IMF approves $213.6m extended credit for Liberia

Last updated on September 11th, 2021 at 03:11 pm

The Executive Board of the International Monetary Fund has approved a five-year arrangement under the Extended Credit facility (ECF) for Liberia in an amount equivalent to $213.6 million.According to an IMF statement issued late Wednesday, the credit is intended to help the country restore macroeconomic stability, provide a foundation for sustainable growth, and address weaknesses in governance.
“After grappling with challenges for over a year, a consensus on the need for broad-based reform has emerged,” the IMF said in the statement.
“The program aims to support the authorities’ strong adjustment efforts, catalyze significant donor financing ,and provide a framework within which to implement he authorities’ ambitious reform agenda. The Executive Board’s decision will enable an immediate disbursement of SDR 17 million (about US$23.4 million),” the statement said.
According to the IMF statement, the program will focus on restoring macroeconomic stability which is a key precondition for a sustainable transition out of fragility, while protecting the poorest segment of the population from the burden of adjustment putting Liberia on a fiscally sustainable path, which is the main objective of the nation’s development strategy, the Pro-Poor Agenda for Prosperity and Development (PAPD), and addressing weaknesses in governance and institutions of the public sector, which will help safeguard scarce resources and facilitate achievement of the first two objectives.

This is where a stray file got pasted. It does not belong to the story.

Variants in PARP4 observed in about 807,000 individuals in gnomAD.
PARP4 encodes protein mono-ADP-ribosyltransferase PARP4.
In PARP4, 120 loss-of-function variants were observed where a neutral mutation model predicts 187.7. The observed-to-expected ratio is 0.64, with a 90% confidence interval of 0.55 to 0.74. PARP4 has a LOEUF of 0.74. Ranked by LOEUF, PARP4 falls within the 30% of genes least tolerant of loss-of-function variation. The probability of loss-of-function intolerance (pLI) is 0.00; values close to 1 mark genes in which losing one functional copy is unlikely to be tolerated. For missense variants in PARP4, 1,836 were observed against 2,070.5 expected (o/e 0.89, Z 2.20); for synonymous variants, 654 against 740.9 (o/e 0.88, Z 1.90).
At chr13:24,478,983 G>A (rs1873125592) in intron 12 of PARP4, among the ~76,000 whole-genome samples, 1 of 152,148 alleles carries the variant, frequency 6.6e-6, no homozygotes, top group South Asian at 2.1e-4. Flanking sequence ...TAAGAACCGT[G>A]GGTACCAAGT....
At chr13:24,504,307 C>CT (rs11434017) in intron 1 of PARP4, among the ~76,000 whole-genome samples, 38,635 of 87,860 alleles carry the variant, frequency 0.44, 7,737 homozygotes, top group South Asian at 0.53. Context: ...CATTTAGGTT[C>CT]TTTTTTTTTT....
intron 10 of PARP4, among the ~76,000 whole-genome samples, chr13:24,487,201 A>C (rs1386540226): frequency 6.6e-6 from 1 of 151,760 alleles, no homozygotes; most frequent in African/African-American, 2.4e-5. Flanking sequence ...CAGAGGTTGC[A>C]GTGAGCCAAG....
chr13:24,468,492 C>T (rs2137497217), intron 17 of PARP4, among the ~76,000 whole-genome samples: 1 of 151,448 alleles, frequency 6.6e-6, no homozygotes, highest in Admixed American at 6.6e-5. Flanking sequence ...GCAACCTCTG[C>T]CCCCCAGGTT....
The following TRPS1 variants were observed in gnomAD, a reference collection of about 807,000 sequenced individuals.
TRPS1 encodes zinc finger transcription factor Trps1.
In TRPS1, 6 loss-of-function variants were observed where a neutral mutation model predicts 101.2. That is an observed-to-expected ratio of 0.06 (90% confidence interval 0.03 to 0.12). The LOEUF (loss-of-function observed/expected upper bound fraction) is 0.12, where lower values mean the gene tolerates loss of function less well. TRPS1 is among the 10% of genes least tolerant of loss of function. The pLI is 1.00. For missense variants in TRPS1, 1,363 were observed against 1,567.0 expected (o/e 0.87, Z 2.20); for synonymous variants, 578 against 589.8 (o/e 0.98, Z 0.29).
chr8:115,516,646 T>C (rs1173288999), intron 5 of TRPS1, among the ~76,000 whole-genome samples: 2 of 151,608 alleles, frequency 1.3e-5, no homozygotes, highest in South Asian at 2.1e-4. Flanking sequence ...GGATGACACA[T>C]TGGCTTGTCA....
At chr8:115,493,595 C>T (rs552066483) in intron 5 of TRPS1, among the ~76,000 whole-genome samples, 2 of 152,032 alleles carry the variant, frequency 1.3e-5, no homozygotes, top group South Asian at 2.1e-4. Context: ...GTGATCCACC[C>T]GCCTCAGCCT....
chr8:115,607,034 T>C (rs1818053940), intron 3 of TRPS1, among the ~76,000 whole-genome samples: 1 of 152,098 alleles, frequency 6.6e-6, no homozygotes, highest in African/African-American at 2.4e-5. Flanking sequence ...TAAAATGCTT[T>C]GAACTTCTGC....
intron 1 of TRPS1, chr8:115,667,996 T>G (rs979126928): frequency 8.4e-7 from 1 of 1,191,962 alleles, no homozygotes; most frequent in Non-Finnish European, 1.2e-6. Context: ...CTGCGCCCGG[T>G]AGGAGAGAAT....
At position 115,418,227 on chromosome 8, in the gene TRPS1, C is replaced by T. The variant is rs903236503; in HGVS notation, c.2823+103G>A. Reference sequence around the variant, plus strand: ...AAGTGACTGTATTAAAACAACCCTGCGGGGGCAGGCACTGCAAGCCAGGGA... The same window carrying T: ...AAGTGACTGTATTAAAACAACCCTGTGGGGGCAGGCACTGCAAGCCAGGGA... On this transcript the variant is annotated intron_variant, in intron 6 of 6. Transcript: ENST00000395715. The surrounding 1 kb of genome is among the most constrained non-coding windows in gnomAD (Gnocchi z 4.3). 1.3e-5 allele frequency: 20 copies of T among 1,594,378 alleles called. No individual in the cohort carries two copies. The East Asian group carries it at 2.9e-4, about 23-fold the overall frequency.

The program, also aims to catalyze substantial external support, which is critical to ensure that the programmed adjustment can be contained at levels that are politically and economically feasible, while at the same time ensuring public and external debt sustainability.
At the conclusion of the Board’s discussion on December 11, First Deputy Managing Director and acting Chair, Madam Mitsuhiro Furusawa said: “Liberia’s economic situation is challenging and fragile. Inflation and year-on-year exchange rate depreciation are high at 30 percent and growth is subdued.”
President George Weah launched the Pro-Poor Agenda for Prosperity and Development In October 2018, but its objectives of building roads and improving social services have largely been delayed due to lack of funding, the statement noted.